From his final year out at the Leicester School of Architecture to becoming a significant contributor to Foster’s projects, in this episode of the 'Inside the Archive' series, Architect Ken Shuttleworth walks us through his work experience and shares the many lessons learnt during his time with Norman Foster and the team.
Shuttleworth begins with his introduction to the practice and his encounter with Loren Butt. Elaborating on the working culture at the time and his working experience with Norman Foster, Shuttleworth highlights the excitement and challenge of always looking for the next project and what hadn’t been done before, looking for new design ideas and thinking about the future.
Ken Shuttleworth recalls the Willis Faber & Dumas Headquarters in Ipswich as his first project ever, as he came along as a junior. With the Hong Kong and Shanghai Bank as his first big project, Shuttleworth explains the ambition of the project: having only worked on a three-story building before and attempting a forty-two-story building, the team of twelve people found themselves working together with a hundred and fifty professionals to accomplish the task of completing the project on time and on budget. Working on the Hammersmith Centre, Shuttleworth recalls the drawing boards on the walls and him drawing a very long exploratory cross section drawing on the table.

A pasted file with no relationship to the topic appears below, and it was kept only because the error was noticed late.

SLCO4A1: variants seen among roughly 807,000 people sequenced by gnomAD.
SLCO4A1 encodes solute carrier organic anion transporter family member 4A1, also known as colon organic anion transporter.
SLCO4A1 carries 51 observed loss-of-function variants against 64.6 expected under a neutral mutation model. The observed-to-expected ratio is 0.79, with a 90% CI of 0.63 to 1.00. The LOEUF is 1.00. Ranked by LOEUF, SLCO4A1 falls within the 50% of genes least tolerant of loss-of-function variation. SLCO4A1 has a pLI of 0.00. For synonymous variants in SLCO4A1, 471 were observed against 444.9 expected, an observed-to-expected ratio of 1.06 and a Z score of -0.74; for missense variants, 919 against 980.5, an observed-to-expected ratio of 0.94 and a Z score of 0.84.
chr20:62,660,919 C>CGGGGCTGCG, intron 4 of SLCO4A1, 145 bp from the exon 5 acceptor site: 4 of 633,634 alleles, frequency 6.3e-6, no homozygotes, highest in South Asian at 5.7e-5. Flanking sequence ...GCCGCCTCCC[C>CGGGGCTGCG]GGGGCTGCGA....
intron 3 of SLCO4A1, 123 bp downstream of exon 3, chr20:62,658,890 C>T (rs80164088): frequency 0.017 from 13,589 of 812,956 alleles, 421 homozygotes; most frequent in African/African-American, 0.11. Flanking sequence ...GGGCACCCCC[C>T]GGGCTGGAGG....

Finally, Shuttleworth recognizes the constant evolution from one project to the next, every project improving what has been done, trying to do a bit more every time and every project following Foster’s lineage of projects and connecting to one another. Ken Shuttleworth concludes on the quality of always looking for the best idea, the best quality and the best scheme, a quality he recognizes in Norman Foster.